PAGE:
In that case I hope that, when the right reverend Prelate looks at some of the materials from the Catholic Education Service and from the NSPCC—its PANTS materials, for example—he will understand that it is possible to arrive at an education in primary school that should be acceptable to a parent who wishes the best for their child.
In view of all this, I have two points to raise with the Minister. First, it is laid out in these regulations that all schools must teach relationships and sex education, and they will have to teach what the law says in this country. They are at liberty to do this within an overall framework that is compatible with their beliefs, but they cannot choose not to educate children about the law. So where parents or pupils find themselves subject to education built upon materials that do not fulfil that part of the guidance, what would be the route through which they can seek a remedy?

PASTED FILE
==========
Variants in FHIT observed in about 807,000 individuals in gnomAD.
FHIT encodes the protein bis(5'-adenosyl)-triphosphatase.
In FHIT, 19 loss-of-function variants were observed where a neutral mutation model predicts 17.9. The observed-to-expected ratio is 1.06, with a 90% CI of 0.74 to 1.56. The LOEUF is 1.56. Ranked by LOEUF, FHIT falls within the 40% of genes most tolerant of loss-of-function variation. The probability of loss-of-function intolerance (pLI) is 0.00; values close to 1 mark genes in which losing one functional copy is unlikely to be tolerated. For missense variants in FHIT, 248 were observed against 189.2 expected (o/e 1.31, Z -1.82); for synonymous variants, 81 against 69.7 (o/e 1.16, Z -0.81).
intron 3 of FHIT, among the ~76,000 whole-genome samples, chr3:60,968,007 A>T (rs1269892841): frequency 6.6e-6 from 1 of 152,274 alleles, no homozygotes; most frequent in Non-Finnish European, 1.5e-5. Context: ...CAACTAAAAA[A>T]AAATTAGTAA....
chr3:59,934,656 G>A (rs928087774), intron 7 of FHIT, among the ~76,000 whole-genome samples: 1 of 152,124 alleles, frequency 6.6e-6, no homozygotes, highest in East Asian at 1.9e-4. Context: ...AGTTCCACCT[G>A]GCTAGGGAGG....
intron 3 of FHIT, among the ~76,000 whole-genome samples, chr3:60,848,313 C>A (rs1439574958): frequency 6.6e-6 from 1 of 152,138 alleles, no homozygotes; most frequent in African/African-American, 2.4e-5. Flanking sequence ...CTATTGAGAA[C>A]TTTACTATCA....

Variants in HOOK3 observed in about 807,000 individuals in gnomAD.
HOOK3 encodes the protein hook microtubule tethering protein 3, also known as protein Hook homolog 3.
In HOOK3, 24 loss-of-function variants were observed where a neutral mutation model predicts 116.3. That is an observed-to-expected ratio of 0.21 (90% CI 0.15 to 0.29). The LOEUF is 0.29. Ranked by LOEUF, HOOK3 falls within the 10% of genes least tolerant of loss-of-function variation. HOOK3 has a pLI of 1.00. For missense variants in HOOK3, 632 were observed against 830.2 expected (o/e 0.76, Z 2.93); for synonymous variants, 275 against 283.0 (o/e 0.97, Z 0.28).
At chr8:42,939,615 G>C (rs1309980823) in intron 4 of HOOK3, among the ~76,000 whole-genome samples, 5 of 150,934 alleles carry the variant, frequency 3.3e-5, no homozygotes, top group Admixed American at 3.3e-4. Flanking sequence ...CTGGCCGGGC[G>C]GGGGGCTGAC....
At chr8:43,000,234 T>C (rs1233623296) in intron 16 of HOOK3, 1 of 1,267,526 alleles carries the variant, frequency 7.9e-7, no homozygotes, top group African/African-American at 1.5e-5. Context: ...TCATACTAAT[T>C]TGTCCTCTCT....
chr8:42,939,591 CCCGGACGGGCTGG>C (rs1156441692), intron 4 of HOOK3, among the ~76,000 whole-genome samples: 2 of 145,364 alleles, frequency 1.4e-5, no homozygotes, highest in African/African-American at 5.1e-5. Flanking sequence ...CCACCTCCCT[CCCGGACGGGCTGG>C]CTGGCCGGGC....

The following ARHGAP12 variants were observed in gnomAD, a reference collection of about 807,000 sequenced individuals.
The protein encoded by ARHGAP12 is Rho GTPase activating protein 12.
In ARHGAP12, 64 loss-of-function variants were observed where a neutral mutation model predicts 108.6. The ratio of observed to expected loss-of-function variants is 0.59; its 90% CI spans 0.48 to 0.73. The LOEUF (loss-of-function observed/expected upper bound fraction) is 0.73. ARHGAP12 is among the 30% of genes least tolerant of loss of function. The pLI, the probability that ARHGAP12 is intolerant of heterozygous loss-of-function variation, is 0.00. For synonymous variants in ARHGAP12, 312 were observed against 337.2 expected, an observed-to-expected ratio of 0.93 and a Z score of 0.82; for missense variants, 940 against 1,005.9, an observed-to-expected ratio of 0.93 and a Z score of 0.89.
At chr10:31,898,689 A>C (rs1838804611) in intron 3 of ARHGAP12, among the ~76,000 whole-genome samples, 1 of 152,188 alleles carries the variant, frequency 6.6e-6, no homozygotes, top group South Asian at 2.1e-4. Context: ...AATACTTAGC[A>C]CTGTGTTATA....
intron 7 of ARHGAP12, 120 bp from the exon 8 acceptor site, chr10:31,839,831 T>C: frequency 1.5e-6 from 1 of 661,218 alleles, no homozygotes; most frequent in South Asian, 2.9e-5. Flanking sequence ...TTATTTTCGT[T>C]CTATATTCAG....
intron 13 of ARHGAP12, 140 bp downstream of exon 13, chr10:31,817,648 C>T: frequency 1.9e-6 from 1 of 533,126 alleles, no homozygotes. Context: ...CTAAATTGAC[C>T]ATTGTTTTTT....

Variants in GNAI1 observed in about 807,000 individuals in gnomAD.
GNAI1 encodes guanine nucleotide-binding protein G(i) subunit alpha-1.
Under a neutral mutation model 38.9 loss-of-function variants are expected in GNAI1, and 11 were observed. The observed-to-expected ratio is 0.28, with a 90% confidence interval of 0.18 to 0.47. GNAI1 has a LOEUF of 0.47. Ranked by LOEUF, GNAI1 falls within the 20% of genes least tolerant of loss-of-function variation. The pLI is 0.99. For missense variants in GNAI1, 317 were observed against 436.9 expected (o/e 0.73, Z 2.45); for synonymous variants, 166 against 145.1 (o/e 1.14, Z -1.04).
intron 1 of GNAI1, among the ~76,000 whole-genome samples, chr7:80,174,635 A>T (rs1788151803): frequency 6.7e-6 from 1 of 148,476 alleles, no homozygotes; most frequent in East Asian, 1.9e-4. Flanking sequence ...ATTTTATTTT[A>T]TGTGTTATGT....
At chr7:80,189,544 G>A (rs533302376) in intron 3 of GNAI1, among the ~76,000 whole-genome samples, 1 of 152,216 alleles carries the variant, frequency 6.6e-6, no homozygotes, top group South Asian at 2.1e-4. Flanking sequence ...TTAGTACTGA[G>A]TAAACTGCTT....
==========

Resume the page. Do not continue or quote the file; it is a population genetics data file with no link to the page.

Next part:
Finally, I want to talk about a subject that has not received much attention at all: that is, disabled children. I am co-chair of the All-Party Parliamentary Group on Sexual and Reproductive Health. While the consultation was going on, we had a meeting and brought into Parliament people who are disabled and people who are specialists in talking to children with disabilities as part of sex education. It is an incredibly difficult and embarrassing thing to do. Bear in mind that some of those children will be cared for in institutions by some of the same people are who are doing the educating. It is very highly skilled work.
I was deeply struck by the words of a deaf woman who works with deaf children. She expressed such alarm to us that these children were learning from pornography —they were picking up from it stuff that they felt was normal, because adults were embarrassed to talk to them. I know that the Minister’s department has an aversion to developing national materials. I understand that, but I wonder whether he could make an exception on this subject with regard to children with learning disabilities. The noble Baroness, Lady Hollins, has spoken to some of us at different times about developing materials that are appropriate for people with learning disabilities. I wonder whether, during the implementation process, some of the Government’s £6 million budget for this area—I have to say that it is wholly inadequate—could go to what is a very specialised service for a very small number of people. I believe all children deserve to be protected.